SAN FRANCISCO (CBS SF) — While San Francisco is talking about banning sugary treats in vending machines on city property, one group city workers fought back and got a special exemption.

Supervisor Mark Ferrill’s new plan started very close to home.

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“It has been a thing to visit Daddy at City Hall and go immediately to the M&M machine in our basement and that becomes part of the attraction,” said Ferrill.

So he introduced legislation that will take away that perk, not only from his kids, but from city employees too.

“What I did is introduce legislation that would require the vending machines on city property essentially to get rid of the snack food and junk food,” explained Ferrill.

In the 150 vending machines in all city buildings, there would be limits on the amount of fat, sugar, and sodium allowed in the food sold. No candy bars, no salty potato chips and no soft drinks. Just healthy snacks to keep city workers healthy.

“We as a city want to lead by example; provide healthy choices,” said Ferrill.

Other officials and city workers aren’t so enthusiastic about the concept.

“I think we should have some choice in terms of what’s being offered,” said Leo Gastieger of the San Francisco Department of Elections.

One group of city workers in particular seemed unhappy about the idea.

911 operators were so upset about the fact they might not have energy drinks and junk food around that they demanded they be exempt. And the city agreed.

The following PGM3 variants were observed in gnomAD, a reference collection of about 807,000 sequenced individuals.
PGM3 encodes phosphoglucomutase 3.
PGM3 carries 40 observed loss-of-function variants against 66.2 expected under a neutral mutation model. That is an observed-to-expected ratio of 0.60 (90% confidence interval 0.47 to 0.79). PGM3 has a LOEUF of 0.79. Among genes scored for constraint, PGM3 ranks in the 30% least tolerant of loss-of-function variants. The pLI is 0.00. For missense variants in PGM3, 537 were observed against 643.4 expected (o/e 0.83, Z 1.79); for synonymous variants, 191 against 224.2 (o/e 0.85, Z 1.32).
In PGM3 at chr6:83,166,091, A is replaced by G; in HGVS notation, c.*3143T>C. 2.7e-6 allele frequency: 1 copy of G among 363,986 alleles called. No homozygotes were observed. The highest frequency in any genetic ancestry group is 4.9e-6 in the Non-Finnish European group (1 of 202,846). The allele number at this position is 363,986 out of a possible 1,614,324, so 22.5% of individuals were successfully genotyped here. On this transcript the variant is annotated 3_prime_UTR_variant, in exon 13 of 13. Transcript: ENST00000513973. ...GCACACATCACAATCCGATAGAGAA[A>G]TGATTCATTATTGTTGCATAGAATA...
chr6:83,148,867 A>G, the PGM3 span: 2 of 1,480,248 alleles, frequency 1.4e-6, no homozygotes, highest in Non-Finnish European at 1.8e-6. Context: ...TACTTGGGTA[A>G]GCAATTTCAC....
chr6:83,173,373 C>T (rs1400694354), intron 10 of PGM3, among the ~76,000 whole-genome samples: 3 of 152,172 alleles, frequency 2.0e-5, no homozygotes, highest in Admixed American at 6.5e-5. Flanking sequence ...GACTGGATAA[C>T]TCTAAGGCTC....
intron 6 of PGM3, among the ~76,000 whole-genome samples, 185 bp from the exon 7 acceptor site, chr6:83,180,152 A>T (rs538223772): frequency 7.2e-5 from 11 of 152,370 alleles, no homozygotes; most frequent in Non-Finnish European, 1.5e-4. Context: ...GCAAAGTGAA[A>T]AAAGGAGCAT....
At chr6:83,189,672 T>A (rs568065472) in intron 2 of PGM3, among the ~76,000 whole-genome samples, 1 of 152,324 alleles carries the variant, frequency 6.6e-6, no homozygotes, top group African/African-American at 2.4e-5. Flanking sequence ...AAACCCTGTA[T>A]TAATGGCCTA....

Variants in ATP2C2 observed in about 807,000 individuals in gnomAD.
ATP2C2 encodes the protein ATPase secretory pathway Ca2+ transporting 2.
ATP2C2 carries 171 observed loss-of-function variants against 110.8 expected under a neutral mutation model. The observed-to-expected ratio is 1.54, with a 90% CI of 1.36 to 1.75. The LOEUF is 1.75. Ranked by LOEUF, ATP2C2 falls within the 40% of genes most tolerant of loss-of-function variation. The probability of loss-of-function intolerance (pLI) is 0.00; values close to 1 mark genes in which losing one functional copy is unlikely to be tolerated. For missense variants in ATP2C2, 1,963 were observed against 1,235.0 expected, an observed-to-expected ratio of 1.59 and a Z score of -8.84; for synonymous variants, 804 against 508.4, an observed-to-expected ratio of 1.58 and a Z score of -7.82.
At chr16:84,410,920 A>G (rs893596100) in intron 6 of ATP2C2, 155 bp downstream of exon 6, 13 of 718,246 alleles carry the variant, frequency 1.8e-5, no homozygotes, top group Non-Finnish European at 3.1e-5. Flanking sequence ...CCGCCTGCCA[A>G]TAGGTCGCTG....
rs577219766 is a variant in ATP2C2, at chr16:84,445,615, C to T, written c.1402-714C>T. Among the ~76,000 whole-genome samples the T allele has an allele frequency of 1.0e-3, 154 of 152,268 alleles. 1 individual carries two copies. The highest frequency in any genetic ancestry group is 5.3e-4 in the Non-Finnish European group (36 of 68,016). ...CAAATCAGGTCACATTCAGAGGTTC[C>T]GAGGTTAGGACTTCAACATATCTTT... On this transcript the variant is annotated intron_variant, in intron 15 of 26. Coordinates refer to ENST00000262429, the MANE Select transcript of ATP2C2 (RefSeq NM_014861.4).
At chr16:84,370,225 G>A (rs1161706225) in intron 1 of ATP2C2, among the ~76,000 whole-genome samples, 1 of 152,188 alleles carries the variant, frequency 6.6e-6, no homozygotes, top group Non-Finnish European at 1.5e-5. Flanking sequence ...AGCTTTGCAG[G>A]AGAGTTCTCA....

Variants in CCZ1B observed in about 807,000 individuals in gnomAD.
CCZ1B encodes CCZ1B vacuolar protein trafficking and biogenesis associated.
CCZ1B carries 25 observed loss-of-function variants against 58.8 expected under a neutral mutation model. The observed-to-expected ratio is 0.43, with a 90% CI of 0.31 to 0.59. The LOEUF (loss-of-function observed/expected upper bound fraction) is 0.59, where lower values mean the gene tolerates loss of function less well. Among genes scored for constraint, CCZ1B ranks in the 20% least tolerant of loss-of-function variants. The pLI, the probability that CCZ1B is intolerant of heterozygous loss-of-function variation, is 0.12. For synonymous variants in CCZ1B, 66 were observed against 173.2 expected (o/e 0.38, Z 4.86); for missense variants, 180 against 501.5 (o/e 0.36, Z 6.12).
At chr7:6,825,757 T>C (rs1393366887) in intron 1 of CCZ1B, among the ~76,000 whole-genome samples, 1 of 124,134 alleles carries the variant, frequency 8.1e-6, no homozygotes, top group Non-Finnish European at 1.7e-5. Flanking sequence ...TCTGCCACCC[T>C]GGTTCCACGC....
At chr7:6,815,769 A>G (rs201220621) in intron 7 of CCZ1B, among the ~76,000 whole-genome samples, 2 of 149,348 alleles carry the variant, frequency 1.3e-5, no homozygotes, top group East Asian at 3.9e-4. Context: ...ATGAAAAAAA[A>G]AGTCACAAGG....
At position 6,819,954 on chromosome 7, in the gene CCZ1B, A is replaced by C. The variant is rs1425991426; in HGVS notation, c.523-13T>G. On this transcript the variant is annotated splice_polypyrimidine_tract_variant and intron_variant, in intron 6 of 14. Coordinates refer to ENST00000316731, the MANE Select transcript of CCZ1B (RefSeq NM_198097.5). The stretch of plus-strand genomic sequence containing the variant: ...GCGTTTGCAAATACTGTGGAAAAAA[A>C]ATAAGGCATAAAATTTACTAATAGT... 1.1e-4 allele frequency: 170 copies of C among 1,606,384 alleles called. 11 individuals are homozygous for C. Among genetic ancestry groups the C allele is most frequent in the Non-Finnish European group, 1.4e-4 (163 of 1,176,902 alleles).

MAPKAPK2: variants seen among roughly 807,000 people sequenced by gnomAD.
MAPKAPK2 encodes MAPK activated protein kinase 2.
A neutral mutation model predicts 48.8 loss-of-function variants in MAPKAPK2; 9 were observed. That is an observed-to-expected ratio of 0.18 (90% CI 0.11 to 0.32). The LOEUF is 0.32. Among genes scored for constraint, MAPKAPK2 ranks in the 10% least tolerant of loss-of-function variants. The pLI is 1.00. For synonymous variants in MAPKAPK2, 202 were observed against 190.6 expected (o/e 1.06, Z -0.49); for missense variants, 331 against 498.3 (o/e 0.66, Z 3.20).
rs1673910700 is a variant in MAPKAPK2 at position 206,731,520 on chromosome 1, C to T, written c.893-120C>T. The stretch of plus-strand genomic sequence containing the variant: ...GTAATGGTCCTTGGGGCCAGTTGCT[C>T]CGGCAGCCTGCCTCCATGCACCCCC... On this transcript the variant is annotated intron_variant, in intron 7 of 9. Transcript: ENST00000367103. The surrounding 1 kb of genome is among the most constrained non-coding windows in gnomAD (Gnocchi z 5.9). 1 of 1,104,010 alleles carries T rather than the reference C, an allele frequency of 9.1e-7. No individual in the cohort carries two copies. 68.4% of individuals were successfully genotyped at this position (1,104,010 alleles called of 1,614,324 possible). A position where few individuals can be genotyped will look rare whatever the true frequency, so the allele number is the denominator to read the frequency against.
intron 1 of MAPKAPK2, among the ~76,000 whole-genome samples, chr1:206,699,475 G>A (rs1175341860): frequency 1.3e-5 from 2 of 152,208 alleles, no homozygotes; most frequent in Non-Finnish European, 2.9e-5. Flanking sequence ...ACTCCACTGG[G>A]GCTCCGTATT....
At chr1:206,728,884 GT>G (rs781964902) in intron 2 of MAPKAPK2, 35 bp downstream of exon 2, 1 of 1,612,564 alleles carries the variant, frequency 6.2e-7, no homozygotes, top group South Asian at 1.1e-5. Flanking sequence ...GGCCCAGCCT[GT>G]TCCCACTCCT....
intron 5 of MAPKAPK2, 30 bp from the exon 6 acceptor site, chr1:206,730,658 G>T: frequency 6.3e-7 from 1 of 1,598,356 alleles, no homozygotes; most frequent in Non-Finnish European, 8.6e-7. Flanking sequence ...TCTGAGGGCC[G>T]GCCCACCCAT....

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But the question that lingers is…why?

“I wasn’t part of those discussions,” said Ferrill.

KPIX 5 couldn’t find anyone who would own up to agreeing to the exemption. Neither the 911 operators nor their union returned calls.

KPIX 5 reporter Mike Sugerman says he is big fan of 911 operators. 15 years ago, dispatchers helped save his life after his aorta split open. He wondered if they need junk food to stay alert on the job, or if the San Francisco should worry about their health like all other city employees.

He posted the question on Facebook and got some viewer responses.

“The Law, if passed, should be the same for everyone,” wrote Kevin Cullin.

Lynn Linstrom asked, “Can we just let people make their own decisions?”

Rob Fisher asked a more pointed question: “Is this a joke?”

The answer? It is not a joke. The proposal is currently before the San Francisco Board of Supervisors who will be making a decision in the coming weeks.

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Sugerman asks any 911 dispatchers willing to talk to get in touch with him to solve this legislative mystery.